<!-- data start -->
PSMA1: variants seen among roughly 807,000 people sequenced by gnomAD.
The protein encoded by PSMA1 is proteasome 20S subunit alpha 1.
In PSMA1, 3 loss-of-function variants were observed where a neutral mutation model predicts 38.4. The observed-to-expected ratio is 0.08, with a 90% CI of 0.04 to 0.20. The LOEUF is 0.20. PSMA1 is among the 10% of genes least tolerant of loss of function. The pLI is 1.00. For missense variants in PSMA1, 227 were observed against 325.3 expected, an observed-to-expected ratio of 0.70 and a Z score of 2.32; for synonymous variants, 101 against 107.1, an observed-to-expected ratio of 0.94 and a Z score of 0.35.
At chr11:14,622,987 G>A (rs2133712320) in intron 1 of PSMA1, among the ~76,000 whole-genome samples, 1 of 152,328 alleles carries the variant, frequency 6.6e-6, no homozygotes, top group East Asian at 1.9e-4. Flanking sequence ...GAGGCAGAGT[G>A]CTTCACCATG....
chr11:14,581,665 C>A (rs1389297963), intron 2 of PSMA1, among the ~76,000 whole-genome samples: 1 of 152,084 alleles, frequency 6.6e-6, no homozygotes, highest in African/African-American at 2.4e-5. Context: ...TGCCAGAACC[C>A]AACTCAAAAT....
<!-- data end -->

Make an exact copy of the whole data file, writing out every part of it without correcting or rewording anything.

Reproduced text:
PSMA1: variants seen among roughly 807,000 people sequenced by gnomAD.
The protein encoded by PSMA1 is proteasome 20S subunit alpha 1.
In PSMA1, 3 loss-of-function variants were observed where a neutral mutation model predicts 38.4. The observed-to-expected ratio is 0.08, with a 90% CI of 0.04 to 0.20. The LOEUF is 0.20. PSMA1 is among the 10% of genes least tolerant of loss of function. The pLI is 1.00. For missense variants in PSMA1, 227 were observed against 325.3 expected, an observed-to-expected ratio of 0.70 and a Z score of 2.32; for synonymous variants, 101 against 107.1, an observed-to-expected ratio of 0.94 and a Z score of 0.35.
At chr11:14,622,987 G>A (rs2133712320) in intron 1 of PSMA1, among the ~76,000 whole-genome samples, 1 of 152,328 alleles carries the variant, frequency 6.6e-6, no homozygotes, top group East Asian at 1.9e-4. Flanking sequence ...GAGGCAGAGT[G>A]CTTCACCATG....
chr11:14,581,665 C>A (rs1389297963), intron 2 of PSMA1, among the ~76,000 whole-genome samples: 1 of 152,084 alleles, frequency 6.6e-6, no homozygotes, highest in African/African-American at 2.4e-5. Context: ...TGCCAGAACC[C>A]AACTCAAAAT....